Well, the IRS is true to its word. In 2007, they performed 65% more audits on individual taxpayers then they had the year before. And it was successful! They raised $59.2 billion of tax, penalties and interest last year alone.
What does that mean for all of us? An increasing chance of IRS audit. Now, more importantly, what can you do about it?
The best defense is good records. And the best time to put that defense in place is now. As you’re getting your records together for your CPA to file your tax return, make sure you have copies of business receipts and proof of payment (cancelled checks, credit card statements, and bank statements) for all business expenses. Take a picture of your home office to prove it really has a business purpose. If your children work in your business, make sure you have a written job description, time sheet and pay a reasonable wage.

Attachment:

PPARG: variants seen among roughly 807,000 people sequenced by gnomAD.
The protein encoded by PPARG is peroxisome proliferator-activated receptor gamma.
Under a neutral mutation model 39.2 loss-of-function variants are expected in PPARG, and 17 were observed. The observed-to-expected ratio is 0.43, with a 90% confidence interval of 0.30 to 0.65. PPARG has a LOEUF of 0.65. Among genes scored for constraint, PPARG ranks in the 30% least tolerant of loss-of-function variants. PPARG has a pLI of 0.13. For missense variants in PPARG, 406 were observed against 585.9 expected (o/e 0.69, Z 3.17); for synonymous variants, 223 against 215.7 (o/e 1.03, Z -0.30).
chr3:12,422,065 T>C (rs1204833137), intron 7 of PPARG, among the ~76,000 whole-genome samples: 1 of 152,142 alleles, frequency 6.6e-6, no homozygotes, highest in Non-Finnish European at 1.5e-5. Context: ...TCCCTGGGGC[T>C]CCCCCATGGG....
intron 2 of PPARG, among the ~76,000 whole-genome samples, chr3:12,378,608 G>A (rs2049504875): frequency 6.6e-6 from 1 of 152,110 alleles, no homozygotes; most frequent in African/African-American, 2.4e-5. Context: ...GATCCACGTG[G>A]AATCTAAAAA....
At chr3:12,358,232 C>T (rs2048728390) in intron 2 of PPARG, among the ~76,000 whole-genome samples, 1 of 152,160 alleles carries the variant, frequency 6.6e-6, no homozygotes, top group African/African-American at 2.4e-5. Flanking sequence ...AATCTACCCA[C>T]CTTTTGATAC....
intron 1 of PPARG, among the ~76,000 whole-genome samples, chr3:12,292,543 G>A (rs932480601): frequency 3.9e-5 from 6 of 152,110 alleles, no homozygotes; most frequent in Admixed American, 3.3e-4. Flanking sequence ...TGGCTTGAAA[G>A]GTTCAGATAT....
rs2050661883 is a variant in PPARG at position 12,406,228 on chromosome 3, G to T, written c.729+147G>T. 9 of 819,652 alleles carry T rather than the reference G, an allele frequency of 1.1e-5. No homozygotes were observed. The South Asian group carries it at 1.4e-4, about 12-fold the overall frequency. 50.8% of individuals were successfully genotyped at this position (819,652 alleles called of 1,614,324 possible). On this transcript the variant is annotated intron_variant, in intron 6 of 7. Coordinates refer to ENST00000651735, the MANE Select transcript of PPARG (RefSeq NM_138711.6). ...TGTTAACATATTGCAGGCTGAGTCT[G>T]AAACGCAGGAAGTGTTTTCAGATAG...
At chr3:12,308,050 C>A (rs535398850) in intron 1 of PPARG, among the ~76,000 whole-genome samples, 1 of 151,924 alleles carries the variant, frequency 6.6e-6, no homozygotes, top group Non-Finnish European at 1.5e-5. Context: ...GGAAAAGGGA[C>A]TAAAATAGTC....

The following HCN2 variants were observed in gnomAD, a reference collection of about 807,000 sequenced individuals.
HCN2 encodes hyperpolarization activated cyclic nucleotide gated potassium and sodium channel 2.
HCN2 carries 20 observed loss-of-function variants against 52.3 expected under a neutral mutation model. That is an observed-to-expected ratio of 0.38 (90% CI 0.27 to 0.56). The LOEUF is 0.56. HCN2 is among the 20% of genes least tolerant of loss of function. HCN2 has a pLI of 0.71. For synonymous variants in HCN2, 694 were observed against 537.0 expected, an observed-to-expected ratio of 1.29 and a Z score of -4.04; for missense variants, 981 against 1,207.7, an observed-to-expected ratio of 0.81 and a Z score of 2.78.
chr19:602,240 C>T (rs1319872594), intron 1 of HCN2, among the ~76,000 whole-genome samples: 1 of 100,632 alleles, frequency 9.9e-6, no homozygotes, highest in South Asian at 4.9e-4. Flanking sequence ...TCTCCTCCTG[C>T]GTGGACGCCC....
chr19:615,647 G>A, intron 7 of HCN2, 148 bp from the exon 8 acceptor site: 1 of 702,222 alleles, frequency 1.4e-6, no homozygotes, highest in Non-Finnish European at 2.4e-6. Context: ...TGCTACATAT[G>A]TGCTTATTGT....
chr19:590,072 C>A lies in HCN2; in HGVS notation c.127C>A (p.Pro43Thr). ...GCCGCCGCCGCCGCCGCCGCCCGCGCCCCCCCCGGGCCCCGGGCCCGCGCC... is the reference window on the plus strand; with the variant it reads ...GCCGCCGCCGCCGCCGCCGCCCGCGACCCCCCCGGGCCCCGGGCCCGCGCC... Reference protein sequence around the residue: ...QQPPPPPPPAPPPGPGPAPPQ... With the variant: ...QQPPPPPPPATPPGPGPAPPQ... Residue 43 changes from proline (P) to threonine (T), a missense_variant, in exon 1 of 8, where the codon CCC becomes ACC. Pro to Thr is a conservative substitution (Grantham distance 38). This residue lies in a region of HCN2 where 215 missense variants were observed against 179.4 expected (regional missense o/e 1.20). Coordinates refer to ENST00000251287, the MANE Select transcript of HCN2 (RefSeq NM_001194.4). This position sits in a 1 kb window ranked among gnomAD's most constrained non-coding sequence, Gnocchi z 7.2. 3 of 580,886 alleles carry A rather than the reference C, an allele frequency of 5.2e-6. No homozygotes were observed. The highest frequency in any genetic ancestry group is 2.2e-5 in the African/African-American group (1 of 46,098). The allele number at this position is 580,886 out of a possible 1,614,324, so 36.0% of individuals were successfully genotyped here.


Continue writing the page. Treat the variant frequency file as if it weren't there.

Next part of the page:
Audits of business returns only rose by 16%, thus widening the gap between audits of Sole Proprietorships (which report on individual returns) and audits of Partnerships, C Corporations and S Corporations. (Form a structure today!)
If you are involved in any “listed” tax shelters, make sure your CPA is making the proper disclosures on your tax return. The list is growing, so make sure you’re up to date. Failure to follow this rule could not only subject to you to very tough penalties, but criminal charges of fraud.
If you get a notice that you are being audited, don’t ignore it. Don’t go to the audit by yourself. Get an experienced CPA to help you with the audit. It’ll be some of the best money you ever spend.